Chemical killer: Pesticides damage heart

Chemical killer: Pesticides damage heart
Highlights

Pediatrician Carla Nelson remembers catching sight of the unusually pale newborn, then hearing an abnormal heartbeat through the stethoscope and thinking that something was terribly wrong.

Pediatrician Carla Nelson remembers catching sight of the unusually pale newborn, then hearing an abnormal heartbeat through the stethoscope and thinking that something was terribly wrong.

The baby was born minutes before with a severe heart malformation that would require complex surgery. What worried her as she waited for the ambulance plane to take the infant from Waimea, on the island of Kauai, to the main children’s hospital in Honolulu, on another Hawaiian island, was that it was the fourth one shehad seen in three years The Guardian said.
In all of Waimea, Hawaii, there have been at least nine in five years, she says, shaking her head. That’s more than 10 times the national rate, according to analysis by local doctors. Nelson, a Californian, and other local doctors find themselves in the eye of a storm swirling for the past three years around the Hawaiian archipelago over whether a major cash crop on four of the six main islands, corn that’s been genetically modified to resist pesticides, is a source of prosperity, as the companies claim – or of birth defects and illnesses, as the doctors and many others suspect.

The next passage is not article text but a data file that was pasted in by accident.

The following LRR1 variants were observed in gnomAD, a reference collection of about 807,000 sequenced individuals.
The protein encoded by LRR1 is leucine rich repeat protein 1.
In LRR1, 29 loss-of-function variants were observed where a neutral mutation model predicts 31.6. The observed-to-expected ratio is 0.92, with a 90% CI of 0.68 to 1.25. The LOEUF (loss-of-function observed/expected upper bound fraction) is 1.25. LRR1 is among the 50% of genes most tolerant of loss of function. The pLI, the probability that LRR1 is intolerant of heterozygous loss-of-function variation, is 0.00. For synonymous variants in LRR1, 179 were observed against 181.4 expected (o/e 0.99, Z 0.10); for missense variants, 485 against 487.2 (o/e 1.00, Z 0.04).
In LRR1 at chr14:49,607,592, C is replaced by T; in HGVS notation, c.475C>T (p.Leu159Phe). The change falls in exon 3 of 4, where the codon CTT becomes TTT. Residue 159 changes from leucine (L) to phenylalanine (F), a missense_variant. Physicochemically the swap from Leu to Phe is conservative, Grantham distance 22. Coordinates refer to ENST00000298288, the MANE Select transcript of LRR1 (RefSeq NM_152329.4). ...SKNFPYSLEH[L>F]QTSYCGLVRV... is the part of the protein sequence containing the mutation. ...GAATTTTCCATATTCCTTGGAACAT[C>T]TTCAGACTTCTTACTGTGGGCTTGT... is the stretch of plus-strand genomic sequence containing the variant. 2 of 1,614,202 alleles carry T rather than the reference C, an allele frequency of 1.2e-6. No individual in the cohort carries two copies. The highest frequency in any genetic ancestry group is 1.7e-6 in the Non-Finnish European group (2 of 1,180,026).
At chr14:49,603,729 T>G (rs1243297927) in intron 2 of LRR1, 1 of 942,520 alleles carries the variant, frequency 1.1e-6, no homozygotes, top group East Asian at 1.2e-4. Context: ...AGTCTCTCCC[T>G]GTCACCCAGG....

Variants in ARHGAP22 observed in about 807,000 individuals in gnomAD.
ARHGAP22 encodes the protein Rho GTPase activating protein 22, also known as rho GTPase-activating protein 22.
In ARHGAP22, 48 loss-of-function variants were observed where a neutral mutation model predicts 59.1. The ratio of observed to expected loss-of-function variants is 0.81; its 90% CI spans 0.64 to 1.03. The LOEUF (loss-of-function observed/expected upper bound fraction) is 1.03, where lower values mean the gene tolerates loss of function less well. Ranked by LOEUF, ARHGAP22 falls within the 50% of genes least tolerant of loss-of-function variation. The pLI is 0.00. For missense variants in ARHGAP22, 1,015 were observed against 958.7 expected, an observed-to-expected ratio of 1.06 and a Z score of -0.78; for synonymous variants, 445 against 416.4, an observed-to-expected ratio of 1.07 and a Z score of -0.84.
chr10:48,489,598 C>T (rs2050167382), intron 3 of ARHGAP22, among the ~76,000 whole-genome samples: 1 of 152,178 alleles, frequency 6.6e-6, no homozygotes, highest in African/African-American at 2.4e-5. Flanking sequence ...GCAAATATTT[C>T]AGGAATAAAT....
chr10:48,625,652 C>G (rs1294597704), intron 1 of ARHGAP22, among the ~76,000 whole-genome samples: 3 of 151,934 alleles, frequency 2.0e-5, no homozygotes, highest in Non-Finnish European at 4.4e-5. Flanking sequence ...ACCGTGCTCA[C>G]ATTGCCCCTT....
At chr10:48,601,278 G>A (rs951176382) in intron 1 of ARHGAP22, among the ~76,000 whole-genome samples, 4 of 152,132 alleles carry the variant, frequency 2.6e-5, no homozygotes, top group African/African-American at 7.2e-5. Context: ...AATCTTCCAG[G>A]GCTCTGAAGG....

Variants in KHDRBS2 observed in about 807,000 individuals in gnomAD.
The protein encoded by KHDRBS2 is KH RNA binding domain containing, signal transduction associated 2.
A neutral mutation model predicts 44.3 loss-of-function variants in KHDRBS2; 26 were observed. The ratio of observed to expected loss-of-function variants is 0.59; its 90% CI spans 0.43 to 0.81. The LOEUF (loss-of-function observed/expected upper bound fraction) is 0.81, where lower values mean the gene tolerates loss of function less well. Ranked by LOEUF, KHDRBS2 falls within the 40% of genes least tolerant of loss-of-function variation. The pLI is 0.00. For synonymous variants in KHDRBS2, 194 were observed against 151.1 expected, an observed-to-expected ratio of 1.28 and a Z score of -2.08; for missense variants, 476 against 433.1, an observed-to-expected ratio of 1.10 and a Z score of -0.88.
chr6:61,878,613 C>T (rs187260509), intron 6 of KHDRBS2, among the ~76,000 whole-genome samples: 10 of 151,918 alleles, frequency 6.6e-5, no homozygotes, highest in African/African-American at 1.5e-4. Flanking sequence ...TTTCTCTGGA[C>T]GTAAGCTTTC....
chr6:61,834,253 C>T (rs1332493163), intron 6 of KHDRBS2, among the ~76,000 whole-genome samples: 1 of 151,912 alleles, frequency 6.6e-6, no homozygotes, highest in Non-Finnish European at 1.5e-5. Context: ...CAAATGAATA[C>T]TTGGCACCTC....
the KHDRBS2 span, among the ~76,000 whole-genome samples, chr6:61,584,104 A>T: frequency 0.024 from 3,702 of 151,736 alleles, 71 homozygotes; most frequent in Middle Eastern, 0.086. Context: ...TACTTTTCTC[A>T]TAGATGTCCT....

In Kauai, chemical companies Dow, BASF, Syngenta and DuPont spray 17 times more pesticide per acre (mostly herbicides, along with insecticides and fungicides) than on ordinary cornfields in the US mainland, according to the most detailed study of the sector, by the Center for Food Safety.
The companies are precisely testing the strain’s resistance to herbicides that kill other plants. About a fourth of the total are called Restricted Use Pesticides because of their harmfulness. Just in Kauai, 18 tonnes – mostly atrazine, paraquat (both banned in Europe) and chlorpyrifos – were applied in 2012. The World Health Organisation this year announced that glyphosate, sold as Roundup, the most common of the non-restricted herbicides, is “probably carcinogenic in humans”.
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